Meyer emphasized that finding an “association” between sitting and mental health is not the same as saying more sitting causes depression. He said it’s possible people who were more depressed sat more or that people who sat more became more depressed. Or there could have been some other factor that the researchers did not identify.
“It’s certainly worthy of more investigation,” Meyer said, adding that monthly survey data from June 2020 to June 2021 are intended to become publicly available soon. “I think being aware of some of the subtle changes we’ve made during the pandemic and how they might be beneficial or detrimental is really important as we look to the other side of pandemic life.”
Meyer said both starting and stopping a habit is very difficult, even when someone wants to change their behavior. But he hopes more people will recognize that even a little bit of movement can improve their mood and mental health, and try to find ways to build it into their day.
Meyer recommended people take breaks when sitting for long periods of time.
“If you’re no longer walking down the hall for in-person meetings, you can still incorporate that break from sitting by taking a short walk before and after your Zoom call,” Meyer said.
People working from home can try walking around the block before and after the workday to mimic their pre-pandemic commute, which Meyer said can benefit people physically and mentally, and help add structure to the day.
High Sitting Time Is a Behavioral Risk Factor for Blunted Improvement in Depression Across 8 Weeks of the COVID-19 Pandemic in April–May 2020
The COVID-19 pandemic has elicited increased sedentary behaviors, decreased moderate-to-vigorous physical activity (MVPA), and worsened mental health, yet the longitudinal impact of these changes and their inter-relations remains unknown.
Our purpose was to examine associations between changes in self-reported activity behaviors and mental health over an 8-week period following the COVID-19 outbreak. Participants from all 50 states and the District of Colombia were recruited through convenience and snowball sampling at baseline April 3–10, 2020.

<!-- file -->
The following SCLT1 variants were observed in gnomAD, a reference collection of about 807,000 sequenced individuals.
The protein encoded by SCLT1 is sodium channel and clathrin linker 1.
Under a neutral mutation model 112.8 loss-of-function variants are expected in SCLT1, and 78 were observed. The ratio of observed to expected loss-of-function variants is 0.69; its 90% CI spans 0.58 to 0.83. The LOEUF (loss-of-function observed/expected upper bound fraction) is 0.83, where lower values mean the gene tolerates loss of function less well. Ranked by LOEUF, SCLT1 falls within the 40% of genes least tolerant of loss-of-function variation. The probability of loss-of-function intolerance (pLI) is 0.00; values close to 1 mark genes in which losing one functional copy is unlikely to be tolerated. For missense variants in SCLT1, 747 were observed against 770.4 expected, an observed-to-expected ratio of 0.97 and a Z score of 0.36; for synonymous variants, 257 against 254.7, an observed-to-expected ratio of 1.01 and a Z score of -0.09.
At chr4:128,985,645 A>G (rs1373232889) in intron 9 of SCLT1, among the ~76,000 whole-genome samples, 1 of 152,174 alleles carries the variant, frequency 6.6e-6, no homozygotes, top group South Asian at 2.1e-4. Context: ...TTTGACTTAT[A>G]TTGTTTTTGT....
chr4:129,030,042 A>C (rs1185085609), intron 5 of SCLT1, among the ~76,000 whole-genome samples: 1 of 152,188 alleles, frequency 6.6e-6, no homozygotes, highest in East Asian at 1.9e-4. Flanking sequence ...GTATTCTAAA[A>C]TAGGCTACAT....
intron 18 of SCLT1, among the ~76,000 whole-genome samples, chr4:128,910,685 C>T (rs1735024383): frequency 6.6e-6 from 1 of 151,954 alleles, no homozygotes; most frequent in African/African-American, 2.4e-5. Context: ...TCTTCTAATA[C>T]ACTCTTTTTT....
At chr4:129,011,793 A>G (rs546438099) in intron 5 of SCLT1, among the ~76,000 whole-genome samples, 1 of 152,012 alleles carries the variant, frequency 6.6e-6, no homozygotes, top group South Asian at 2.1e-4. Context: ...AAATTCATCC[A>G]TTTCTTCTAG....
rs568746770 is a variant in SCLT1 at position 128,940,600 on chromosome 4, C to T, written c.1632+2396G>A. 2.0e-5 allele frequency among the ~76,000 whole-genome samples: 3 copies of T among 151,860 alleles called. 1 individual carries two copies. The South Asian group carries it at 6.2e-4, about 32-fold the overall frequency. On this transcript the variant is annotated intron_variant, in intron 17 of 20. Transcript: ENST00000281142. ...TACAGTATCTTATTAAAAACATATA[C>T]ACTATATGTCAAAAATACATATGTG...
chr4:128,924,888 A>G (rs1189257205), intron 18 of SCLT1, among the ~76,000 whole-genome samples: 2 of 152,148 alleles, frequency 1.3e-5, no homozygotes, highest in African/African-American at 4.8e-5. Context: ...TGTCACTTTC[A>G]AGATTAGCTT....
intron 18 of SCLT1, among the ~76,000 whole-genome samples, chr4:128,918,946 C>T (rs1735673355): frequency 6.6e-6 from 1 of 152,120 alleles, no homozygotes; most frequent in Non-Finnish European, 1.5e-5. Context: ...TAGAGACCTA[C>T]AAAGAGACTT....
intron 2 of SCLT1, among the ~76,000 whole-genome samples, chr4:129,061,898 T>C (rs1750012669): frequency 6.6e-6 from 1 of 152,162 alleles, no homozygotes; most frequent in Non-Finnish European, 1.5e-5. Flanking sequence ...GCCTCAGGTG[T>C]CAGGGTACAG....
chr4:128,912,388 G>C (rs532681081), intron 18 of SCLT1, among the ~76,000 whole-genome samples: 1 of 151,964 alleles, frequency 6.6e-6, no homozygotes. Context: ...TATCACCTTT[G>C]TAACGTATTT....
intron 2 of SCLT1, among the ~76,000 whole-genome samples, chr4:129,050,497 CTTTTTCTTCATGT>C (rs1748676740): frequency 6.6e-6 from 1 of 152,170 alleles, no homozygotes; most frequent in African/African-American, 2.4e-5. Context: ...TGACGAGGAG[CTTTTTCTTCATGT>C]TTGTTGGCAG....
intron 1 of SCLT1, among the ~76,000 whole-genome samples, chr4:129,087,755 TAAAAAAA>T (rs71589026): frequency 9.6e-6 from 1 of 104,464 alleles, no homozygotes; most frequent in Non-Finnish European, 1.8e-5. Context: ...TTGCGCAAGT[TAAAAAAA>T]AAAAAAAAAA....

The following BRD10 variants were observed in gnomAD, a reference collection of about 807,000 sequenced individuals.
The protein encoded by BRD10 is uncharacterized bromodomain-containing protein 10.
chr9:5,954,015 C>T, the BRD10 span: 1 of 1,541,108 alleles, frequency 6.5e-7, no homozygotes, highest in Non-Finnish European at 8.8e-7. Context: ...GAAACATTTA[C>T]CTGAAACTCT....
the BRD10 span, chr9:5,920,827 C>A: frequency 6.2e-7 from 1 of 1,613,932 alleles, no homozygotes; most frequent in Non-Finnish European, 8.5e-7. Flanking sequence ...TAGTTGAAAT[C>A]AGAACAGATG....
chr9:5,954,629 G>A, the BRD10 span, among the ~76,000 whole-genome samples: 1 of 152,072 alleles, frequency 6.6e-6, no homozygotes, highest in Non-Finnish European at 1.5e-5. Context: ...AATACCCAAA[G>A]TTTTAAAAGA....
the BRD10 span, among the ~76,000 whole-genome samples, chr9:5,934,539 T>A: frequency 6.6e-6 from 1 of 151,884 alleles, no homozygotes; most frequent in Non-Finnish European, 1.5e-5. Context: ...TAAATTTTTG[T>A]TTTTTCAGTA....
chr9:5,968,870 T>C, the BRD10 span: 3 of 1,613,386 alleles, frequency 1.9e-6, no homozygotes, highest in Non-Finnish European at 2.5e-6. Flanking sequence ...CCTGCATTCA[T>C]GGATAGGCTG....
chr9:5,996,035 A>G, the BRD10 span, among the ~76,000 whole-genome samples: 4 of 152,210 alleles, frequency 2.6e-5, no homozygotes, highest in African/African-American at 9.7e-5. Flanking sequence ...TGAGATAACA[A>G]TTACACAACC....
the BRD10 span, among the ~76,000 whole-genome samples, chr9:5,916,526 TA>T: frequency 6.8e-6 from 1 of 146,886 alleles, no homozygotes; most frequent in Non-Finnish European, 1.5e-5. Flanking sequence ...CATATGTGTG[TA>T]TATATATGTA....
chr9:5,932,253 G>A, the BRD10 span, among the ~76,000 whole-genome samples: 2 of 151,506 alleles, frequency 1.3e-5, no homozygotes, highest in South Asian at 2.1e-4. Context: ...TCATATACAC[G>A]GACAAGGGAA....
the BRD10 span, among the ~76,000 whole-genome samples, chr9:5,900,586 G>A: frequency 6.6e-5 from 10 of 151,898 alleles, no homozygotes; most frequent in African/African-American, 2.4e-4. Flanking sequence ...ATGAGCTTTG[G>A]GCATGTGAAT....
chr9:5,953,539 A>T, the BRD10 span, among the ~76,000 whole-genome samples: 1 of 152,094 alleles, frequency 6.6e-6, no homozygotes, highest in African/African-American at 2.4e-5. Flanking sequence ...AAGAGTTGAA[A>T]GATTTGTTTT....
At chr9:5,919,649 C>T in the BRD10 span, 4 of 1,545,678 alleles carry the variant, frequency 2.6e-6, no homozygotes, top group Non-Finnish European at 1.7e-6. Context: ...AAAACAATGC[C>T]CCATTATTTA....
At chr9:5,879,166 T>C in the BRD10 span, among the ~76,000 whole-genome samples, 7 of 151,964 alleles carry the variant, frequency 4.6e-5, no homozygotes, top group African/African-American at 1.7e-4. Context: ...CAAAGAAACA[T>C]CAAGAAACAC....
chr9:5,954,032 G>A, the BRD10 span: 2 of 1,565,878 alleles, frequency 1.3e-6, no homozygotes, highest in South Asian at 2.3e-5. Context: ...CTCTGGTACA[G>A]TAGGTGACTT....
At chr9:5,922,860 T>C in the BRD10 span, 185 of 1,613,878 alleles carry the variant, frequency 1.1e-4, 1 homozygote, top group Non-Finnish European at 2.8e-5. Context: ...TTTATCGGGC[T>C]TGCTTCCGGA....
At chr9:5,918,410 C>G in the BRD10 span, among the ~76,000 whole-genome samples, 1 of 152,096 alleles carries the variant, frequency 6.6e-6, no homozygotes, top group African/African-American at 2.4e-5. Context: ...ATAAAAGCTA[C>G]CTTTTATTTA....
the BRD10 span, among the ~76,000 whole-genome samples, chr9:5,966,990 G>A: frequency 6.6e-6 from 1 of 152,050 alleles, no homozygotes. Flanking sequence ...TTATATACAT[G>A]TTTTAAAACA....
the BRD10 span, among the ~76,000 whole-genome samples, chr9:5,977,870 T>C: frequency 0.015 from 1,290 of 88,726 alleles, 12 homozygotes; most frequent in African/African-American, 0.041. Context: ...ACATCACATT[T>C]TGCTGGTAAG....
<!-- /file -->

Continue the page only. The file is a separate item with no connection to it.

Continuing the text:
Prospective data from 2,327 US adults with ≥2 responses (63.8% female; 74.3% response rate) were collected weekly via online survey for eight consecutive weeks (April 3–June 3, 2020). Primary exposures were self-reported time spent sitting, viewing screens and in MVPA, with primary outcomes being depressive symptoms, anxiety symptoms, and positive mental health (PMH).
A significant sitting-by-time interaction (p < 0.05) showed slightly higher marginal effects for depressive symptoms for the 90th-percentile of sitting time than the 10th-percentile at baseline (5.8 [95% confidence interval = 5.5–6.2] vs. 5.7 [5.4–6.1]), with the difference magnifying over time (week 8: 3.5 [3.2–3.9] vs. 2.7 [2.4–2.9]). No other interactions over time were significant. Screen time was negatively associated with PMH and positively associated with depressive and anxiety symptoms (p < 0.05). Sitting time was negatively associated with PMH (p < 0.05). Rapid changes in sitting patterns (e.g., due to a pandemic) may have lasting effects on depressive symptoms.
Strategies targeting those most affected (i.e., young adults, females) and/or focused on reducing sitting time may be critical for preventing long-term mental health effects resulting from COVID-19 or other large-scale behavior changes in the general population.